The best-known function of the serine protease tissue-type plasminogen activator (tPA) is as a thrombolytic enzyme. However, it is also found in structures of the brain that are highly vulnerable to hypoxia-induced cell death, where its association with neuronal survival is poorly understood. Here, we have demonstrated that hippocampal areas of the mouse brain lacking tPA activity are more vulnerable to neuronal death following an ischemic insult. We found that sublethal hypoxia, which elicits tolerance to subsequent lethal hypoxic/ischemic injury in a natural process known as ischemic preconditioning (IPC), induced a rapid release of neuronal tPA. Treatment of hippocampal neurons with tPA induced tolerance against a lethal hypoxic insult applied either immediately following insult (early IPC) or 24 hours later (delayed IPC). tPA-induced early IPC was independent of the proteolytic activity of tPA and required the engagement of a member of the LDL receptor family. In contrast, tPA-induced delayed IPC required the proteolytic activity of tPA and was mediated by plasmin, the NMDA receptor, and PKB phosphorylation. We also found that IPC in vivo increased tPA activity in the cornu ammonis area 1 (CA1) layer and Akt phosphorylation in the hippocampus, as well as ischemic tolerance in wild-type but not tPA- or plasminogen-deficient mice. These data show that tPA can act as an endogenous neuroprotectant in the murine hippocampus.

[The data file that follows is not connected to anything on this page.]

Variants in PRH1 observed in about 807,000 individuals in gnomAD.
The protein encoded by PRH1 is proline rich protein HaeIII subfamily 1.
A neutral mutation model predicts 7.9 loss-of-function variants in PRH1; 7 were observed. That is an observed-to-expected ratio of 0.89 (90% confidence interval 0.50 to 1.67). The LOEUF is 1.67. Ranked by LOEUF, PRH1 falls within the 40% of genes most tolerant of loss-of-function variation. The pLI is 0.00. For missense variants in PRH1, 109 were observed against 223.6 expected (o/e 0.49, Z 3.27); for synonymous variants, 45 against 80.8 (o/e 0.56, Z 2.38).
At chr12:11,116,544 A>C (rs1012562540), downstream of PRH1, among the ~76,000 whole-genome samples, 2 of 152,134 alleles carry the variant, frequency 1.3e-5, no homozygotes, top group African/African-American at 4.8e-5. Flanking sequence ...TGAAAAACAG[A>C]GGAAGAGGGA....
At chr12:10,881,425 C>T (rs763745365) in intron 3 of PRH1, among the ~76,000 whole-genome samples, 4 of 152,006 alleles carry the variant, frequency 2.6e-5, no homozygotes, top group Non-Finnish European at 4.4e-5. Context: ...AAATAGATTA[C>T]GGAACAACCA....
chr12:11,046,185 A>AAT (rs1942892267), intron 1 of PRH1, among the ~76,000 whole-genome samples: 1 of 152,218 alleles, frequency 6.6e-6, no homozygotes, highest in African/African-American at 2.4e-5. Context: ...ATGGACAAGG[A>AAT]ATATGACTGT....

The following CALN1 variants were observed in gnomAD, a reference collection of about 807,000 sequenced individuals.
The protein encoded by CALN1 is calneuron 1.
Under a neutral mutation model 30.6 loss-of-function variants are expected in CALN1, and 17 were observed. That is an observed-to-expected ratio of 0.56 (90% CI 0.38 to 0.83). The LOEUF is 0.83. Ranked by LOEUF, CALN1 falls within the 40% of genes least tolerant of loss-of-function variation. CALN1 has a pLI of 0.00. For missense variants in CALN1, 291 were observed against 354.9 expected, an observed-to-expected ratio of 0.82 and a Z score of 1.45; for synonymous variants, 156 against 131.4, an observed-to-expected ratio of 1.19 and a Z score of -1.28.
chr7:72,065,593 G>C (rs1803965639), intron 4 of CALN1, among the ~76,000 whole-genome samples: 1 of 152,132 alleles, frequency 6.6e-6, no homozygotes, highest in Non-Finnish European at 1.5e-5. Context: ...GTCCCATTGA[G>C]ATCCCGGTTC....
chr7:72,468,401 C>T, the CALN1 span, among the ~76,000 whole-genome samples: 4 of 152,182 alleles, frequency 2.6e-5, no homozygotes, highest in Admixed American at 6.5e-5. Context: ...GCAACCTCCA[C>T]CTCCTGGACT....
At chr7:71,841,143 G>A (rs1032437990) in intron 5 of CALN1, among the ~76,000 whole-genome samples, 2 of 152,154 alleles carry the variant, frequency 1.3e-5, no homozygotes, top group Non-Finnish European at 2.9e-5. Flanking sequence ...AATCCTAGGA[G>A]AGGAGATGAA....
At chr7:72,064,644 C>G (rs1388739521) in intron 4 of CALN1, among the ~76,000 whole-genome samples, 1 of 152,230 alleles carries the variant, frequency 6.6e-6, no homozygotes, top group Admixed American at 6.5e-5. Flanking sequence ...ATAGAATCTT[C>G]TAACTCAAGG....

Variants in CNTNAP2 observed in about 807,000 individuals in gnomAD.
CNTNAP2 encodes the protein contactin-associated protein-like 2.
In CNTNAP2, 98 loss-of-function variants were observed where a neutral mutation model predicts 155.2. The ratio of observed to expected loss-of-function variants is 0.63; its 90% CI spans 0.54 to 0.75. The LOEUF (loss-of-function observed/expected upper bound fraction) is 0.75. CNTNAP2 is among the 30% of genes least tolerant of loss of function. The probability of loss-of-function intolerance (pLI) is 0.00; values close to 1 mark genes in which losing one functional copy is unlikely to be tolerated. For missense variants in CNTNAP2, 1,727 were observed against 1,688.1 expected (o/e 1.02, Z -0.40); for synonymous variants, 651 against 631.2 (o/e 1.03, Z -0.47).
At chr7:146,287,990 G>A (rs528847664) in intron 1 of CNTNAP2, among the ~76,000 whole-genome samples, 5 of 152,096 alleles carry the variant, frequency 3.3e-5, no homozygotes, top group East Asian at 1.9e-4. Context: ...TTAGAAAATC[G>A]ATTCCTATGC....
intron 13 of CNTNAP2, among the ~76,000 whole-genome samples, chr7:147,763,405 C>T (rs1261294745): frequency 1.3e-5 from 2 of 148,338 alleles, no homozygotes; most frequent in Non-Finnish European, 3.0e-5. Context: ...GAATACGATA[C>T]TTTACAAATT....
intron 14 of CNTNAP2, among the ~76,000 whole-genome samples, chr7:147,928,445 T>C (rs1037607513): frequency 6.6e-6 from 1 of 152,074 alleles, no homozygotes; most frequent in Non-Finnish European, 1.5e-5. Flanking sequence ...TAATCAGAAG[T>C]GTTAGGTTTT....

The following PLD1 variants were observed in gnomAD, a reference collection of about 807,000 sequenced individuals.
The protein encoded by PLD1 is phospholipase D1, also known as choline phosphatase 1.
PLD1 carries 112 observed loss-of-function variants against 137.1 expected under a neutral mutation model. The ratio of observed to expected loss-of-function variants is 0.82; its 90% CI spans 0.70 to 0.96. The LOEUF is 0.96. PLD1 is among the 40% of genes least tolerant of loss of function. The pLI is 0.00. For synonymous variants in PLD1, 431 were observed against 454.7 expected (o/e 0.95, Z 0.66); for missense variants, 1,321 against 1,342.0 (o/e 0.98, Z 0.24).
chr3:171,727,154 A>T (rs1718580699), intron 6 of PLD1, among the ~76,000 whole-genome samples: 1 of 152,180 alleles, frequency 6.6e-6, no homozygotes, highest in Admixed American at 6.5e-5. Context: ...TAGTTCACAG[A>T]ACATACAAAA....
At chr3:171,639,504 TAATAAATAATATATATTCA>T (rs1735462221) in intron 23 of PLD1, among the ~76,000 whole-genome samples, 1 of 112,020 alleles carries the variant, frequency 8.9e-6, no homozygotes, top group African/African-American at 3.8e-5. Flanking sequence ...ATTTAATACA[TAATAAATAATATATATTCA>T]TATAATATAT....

Ramiro Echeverry, Jialing Wu, Woldeab B. Haile, Johanna Guzman, Manuel Yepes


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